Daily Current Affairs 2020 Women's Equality Day 2020: History, significance and all you need to know | Daily Current Affairs 2020

Women’s Equality Day 2020: History, significance and all you need to know

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Women’s Equality Day marks the day when the Nineteenth Amendment was adopted, and is celebrated in the United States on August 26 every year.

The Nineteenth Amendment to the United States Constitution was adopted, giving women the right to vote on this day in 1920. Amendment XIX prohibits any US state and the federal government from denying the right to vote to any American citizens on the basis of sex.

Women’s Equality Day commemorates the passage of women’s suffrage and reminds us of all the hurdles heroic women have overcome despite facing violence and discrimination in order to propel the women’s movement.

American women in the early 19th century, couldn’t inherit property and earned half a man’s wages in any available job. This led to a demand for requisite political rights and representation for women.

By early 20th century, other countries including Finland, New Zealand, and the United Kingdom had legalised voting for women as this movement swept across the world.

The 19th Amendment to the Constitution was first introduced in 1878 in the US but failed to gain traction at the time. It was only after women’s involvement in World War I effort that their contributions truly came to light and the women’s suffrage movement began gaining support.

Women’s rights groups also pointed out the discrepancy in the rules as on one hand, a fight for democracy in Europe was taking place, while rights were being denied to women on the other side of the world, in US.

A Constitutional amendment requires an approval from two-thirds of the states, hence 36 of them had to ratify the 19th amendment before its passage. The deciding vote came from Harry T. Burn in the Tennessee legislature, whose mother’s plea to support the amendment became a deciding factor.

On the 50th anniversary of the passing of the Nineteenth Amendment in the Constitution, the National Organisation for Women (NOW) had organised a nationwide ‘strike for equality’. Congresswoman Bella Abzug, also known as Batteling Bella, had then designated August 26 as Women’s Equality Day, following this strike.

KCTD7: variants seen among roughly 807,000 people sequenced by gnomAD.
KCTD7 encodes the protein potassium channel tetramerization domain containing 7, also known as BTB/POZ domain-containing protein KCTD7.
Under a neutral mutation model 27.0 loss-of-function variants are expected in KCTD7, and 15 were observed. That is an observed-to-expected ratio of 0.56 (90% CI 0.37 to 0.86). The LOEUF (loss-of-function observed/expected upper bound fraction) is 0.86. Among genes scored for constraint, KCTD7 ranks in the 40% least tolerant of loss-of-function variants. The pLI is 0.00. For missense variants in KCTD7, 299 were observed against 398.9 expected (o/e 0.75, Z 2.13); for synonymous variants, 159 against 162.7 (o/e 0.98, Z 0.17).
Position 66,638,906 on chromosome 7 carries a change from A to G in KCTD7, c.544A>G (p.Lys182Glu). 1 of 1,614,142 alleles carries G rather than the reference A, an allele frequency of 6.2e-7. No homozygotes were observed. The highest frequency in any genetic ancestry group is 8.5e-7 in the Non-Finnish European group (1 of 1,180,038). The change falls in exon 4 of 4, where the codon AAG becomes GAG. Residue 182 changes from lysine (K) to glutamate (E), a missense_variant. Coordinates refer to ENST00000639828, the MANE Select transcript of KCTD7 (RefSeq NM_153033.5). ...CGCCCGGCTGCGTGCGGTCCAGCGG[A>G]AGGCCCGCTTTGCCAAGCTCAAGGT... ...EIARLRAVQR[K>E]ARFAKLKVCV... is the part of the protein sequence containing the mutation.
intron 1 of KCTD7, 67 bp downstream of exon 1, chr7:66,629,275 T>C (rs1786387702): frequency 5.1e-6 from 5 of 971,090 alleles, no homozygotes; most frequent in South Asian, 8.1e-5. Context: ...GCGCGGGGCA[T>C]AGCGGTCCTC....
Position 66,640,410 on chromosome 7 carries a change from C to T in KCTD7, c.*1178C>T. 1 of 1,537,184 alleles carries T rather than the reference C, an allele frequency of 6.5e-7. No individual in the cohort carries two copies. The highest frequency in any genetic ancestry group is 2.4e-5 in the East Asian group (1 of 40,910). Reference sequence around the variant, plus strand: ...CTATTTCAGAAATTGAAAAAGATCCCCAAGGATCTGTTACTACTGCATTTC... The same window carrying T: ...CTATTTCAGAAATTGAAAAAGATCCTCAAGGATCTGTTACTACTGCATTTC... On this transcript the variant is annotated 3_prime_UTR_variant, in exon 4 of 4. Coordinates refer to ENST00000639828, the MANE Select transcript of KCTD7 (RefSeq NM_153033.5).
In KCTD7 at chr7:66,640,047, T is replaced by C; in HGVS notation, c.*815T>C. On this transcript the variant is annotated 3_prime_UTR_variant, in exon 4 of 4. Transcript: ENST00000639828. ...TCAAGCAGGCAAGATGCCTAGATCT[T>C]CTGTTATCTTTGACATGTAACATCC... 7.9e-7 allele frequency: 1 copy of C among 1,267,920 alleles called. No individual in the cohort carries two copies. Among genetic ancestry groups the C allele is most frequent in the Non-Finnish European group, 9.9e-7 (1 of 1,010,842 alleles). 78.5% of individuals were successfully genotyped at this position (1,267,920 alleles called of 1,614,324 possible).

The day was first celebrated in 1973, after Congress approved H.J. Res. 52. It stated, “the President is authorized and requested to issue a proclamation in commemoration of that day in 1920 on which the women in America were first guaranteed the right to vote.”

Women’s Equality Day serves as a reminder to do something meaningful for the women in our lives and around us. While it’s a great day to brush up on women’s history and notice how far we’ve come, it also throws light on all that still needs to change in order to ensure a safe world for women, at homes, at workplaces and everywhere they’re headed.

On Women’s Equality Day 2020, here are some inspirational quotes:

“I’m a feminist. I’ve been a female for a long time now. It’d be stupid not to be on my own side.” — Maya Angelou, poet and civil rights activist

“I am not free while any woman is unfree, even when her shackles are very different from my own.” — Audre Lorde, civil rights’ activist and writer

“When girls are educated, their countries become stronger and more prosperous.” — Michelle Obama, former First Lady of the U.S.

“We cannot all succeed when half of us are held back.” — Malala Yousafzai, Nobel Prize laureate and female education activist

“We must reject not only the stereotypes that others hold of us, but also the stereotypes that we hold of ourselves.” — Shirley Chisholm, first Black woman elected to Congress

“I know that many men and even women are afraid and angry when women do speak, because in this barbaric society, when women speak truly they speak subversively – they can’t help it: if you’re underneath, if you’re kept down, you break out, you subvert. We are volcanoes. When we women offer our experience as our truth, as human truth, all the maps change. There are new mountains.

That’s what I want – to hear you erupting. You young Mount St. Helenses who don’t know the power in you – I want to hear you.” — Ursula K. Le Guin, author

Source: hindustantimes

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